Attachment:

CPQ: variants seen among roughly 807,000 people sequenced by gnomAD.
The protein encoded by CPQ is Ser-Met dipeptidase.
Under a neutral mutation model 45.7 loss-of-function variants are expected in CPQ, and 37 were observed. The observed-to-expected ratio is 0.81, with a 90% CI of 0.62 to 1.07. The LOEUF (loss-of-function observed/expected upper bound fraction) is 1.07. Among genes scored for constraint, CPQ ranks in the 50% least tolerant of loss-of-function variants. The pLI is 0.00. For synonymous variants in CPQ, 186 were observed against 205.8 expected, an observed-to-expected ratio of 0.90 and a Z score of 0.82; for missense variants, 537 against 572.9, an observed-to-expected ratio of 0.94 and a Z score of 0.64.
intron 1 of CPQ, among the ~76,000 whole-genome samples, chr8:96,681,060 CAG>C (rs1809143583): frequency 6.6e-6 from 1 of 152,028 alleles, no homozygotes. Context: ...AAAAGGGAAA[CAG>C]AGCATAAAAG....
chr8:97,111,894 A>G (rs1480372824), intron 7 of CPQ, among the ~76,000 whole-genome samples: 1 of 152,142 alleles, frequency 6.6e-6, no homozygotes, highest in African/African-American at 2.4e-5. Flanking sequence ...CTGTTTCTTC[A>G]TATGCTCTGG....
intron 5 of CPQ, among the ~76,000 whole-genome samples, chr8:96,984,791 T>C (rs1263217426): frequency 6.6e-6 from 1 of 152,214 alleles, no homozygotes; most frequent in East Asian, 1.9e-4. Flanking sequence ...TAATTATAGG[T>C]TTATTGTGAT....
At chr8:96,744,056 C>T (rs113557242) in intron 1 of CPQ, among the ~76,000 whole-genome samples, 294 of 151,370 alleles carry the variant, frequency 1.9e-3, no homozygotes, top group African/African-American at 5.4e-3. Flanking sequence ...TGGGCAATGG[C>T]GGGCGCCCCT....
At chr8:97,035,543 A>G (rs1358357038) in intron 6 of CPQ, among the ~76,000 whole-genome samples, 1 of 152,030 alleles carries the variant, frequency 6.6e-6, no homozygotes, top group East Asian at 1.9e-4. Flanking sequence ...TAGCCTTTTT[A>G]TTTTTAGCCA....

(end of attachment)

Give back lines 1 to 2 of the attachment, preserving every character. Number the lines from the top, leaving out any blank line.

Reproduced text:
CPQ: variants seen among roughly 807,000 people sequenced by gnomAD.
The protein encoded by CPQ is Ser-Met dipeptidase.